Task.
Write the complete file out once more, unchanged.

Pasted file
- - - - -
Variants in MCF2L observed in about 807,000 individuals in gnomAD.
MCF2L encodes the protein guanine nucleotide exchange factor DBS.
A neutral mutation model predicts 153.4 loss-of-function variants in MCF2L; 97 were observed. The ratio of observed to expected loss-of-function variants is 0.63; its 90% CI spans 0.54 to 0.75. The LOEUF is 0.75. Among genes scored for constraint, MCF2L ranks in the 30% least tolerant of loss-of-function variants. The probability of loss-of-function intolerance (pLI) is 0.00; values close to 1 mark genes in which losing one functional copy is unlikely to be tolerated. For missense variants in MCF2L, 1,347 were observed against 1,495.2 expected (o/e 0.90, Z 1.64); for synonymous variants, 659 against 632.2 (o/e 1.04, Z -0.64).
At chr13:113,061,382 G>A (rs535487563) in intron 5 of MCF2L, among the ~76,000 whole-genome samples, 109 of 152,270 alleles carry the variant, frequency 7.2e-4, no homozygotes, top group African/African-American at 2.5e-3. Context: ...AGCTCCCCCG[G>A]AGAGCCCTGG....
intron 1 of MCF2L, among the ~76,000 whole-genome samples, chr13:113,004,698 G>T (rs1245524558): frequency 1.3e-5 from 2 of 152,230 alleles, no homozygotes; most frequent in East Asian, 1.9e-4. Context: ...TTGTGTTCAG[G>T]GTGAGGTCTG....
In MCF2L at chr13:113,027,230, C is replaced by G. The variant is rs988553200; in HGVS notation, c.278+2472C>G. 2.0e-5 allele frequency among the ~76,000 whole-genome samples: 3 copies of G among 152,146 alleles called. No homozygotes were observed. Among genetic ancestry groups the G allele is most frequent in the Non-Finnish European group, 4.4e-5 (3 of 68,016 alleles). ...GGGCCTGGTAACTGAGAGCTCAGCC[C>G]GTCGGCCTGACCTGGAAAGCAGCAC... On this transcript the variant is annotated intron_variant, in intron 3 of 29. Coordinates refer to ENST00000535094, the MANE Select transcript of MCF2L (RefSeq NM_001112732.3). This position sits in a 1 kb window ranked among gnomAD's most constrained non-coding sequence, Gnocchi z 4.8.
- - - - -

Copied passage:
Variants in MCF2L observed in about 807,000 individuals in gnomAD.
MCF2L encodes the protein guanine nucleotide exchange factor DBS.
A neutral mutation model predicts 153.4 loss-of-function variants in MCF2L; 97 were observed. The ratio of observed to expected loss-of-function variants is 0.63; its 90% CI spans 0.54 to 0.75. The LOEUF is 0.75. Among genes scored for constraint, MCF2L ranks in the 30% least tolerant of loss-of-function variants. The probability of loss-of-function intolerance (pLI) is 0.00; values close to 1 mark genes in which losing one functional copy is unlikely to be tolerated. For missense variants in MCF2L, 1,347 were observed against 1,495.2 expected (o/e 0.90, Z 1.64); for synonymous variants, 659 against 632.2 (o/e 1.04, Z -0.64).
At chr13:113,061,382 G>A (rs535487563) in intron 5 of MCF2L, among the ~76,000 whole-genome samples, 109 of 152,270 alleles carry the variant, frequency 7.2e-4, no homozygotes, top group African/African-American at 2.5e-3. Context: ...AGCTCCCCCG[G>A]AGAGCCCTGG....
intron 1 of MCF2L, among the ~76,000 whole-genome samples, chr13:113,004,698 G>T (rs1245524558): frequency 1.3e-5 from 2 of 152,230 alleles, no homozygotes; most frequent in East Asian, 1.9e-4. Context: ...TTGTGTTCAG[G>T]GTGAGGTCTG....
In MCF2L at chr13:113,027,230, C is replaced by G. The variant is rs988553200; in HGVS notation, c.278+2472C>G. 2.0e-5 allele frequency among the ~76,000 whole-genome samples: 3 copies of G among 152,146 alleles called. No homozygotes were observed. Among genetic ancestry groups the G allele is most frequent in the Non-Finnish European group, 4.4e-5 (3 of 68,016 alleles). ...GGGCCTGGTAACTGAGAGCTCAGCC[C>G]GTCGGCCTGACCTGGAAAGCAGCAC... On this transcript the variant is annotated intron_variant, in intron 3 of 29. Coordinates refer to ENST00000535094, the MANE Select transcript of MCF2L (RefSeq NM_001112732.3). This position sits in a 1 kb window ranked among gnomAD's most constrained non-coding sequence, Gnocchi z 4.8.